James Lafond Sutter is the author of the novel Death’s Heretic, as well as numerous science fiction and fantasy stories for such venues as Starship Sofa, Black Gate (forthcoming), Apex Magazine, and the #1 Amazon bestseller Machine of Death. His anthology Before They Were Giants pairs the first published short stories of speculative fiction greats from Ben Bova and Larry Niven to China Miéville and William Gibson with anecdotes and instructional critiques by the authors themselves. In addition to writing fiction, James has also authored dozens of roleplaying game products, and is the Fiction Editor for Paizo Publishing, as well as a co-creator of the Pathfinder Roleplaying Game campaign setting. For more information, please visit www.jameslsutter.com.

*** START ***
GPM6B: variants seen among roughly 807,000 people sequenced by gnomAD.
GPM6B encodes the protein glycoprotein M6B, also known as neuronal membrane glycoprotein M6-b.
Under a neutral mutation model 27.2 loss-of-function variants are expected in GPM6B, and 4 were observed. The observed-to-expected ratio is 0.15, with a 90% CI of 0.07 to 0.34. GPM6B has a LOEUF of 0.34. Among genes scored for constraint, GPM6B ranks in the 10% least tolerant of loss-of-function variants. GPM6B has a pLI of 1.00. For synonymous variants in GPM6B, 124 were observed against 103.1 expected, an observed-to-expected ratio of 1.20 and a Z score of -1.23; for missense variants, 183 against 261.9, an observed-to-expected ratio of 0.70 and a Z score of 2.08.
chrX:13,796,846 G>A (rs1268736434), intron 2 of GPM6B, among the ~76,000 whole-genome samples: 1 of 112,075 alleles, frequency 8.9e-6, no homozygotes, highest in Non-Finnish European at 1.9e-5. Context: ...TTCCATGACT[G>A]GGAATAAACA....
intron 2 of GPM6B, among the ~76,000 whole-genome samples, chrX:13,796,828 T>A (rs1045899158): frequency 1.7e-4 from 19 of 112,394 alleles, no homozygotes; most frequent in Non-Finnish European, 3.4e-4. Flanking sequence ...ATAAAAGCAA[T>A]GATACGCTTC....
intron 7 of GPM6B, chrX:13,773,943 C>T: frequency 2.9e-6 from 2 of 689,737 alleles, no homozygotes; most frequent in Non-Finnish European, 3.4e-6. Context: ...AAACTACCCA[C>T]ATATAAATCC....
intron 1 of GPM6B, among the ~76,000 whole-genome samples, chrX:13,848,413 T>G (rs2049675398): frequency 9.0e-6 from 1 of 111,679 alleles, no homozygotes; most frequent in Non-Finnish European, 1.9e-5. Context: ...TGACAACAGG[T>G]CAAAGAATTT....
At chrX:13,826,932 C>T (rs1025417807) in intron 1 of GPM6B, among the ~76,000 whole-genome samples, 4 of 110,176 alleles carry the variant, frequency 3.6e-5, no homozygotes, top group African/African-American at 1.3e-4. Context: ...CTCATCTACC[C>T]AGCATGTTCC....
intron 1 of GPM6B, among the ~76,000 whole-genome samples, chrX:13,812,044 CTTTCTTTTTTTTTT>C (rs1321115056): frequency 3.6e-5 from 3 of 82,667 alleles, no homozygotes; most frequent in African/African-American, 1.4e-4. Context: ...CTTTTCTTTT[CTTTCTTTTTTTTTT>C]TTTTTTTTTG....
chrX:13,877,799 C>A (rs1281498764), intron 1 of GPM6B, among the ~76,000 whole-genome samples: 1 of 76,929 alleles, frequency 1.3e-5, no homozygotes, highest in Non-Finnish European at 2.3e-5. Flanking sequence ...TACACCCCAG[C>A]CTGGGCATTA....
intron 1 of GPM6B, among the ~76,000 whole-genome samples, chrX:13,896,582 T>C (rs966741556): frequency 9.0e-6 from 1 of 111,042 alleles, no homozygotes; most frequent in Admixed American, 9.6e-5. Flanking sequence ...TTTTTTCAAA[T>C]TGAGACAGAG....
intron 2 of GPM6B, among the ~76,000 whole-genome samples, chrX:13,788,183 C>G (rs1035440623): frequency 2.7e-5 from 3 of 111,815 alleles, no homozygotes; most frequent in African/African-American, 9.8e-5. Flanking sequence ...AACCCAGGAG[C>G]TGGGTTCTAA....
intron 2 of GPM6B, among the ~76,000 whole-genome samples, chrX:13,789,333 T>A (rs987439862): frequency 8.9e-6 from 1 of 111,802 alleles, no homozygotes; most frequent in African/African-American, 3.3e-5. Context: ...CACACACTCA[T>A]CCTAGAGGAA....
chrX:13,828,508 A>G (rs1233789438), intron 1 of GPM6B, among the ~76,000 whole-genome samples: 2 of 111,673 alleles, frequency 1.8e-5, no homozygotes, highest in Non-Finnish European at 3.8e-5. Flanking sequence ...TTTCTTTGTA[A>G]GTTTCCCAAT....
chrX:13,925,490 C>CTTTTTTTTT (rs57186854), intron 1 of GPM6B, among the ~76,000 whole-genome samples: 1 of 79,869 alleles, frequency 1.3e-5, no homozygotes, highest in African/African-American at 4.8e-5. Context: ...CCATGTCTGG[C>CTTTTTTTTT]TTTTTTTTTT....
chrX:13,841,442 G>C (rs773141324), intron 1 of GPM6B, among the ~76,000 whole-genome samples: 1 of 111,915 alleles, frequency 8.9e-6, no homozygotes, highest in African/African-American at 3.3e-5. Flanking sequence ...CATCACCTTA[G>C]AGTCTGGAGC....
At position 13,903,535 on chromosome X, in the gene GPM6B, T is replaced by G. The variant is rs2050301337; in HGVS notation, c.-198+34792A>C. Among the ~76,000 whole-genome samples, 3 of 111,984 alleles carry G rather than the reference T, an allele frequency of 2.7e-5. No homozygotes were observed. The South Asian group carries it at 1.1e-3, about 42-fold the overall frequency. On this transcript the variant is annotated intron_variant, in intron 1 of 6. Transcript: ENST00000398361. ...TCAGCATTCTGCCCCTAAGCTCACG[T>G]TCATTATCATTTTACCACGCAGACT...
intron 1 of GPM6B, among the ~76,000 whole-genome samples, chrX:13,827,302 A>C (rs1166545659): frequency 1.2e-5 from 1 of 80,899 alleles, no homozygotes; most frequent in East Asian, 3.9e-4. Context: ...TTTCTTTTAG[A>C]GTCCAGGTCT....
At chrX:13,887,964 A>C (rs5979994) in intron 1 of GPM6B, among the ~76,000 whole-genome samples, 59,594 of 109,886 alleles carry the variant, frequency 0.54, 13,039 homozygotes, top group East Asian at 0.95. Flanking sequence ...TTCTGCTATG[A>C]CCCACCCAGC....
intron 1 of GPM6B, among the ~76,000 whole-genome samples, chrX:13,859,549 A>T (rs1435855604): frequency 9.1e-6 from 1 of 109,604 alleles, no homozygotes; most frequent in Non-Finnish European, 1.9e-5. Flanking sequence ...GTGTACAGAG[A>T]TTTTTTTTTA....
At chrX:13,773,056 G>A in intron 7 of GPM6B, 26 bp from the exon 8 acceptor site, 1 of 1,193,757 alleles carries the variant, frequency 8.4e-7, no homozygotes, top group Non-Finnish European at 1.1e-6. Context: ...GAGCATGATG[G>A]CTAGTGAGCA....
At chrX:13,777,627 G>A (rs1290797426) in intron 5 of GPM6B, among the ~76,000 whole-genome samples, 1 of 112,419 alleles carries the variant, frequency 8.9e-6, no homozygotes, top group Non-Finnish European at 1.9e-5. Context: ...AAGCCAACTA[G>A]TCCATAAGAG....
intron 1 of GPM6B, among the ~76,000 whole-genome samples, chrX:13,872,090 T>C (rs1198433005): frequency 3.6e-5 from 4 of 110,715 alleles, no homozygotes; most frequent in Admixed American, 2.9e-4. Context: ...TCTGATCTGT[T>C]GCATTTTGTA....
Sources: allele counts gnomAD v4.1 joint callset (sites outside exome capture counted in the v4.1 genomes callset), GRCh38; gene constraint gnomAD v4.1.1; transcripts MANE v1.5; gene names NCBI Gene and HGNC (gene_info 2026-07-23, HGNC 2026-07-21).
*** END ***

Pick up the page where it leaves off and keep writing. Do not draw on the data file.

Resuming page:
BILL WARD is a genre writer, editor, and blogger wanted across the Outer Colonies for crimes against the written word. His fiction has appeared in numerous magazines and anthologies, as well as gaming supplements and websites. He is an Editor at Black Gate, and 423rd in line for the throne of Lost Lemuria. Read more at BILL’s blog, DEEP DOWN GENRE HOUND.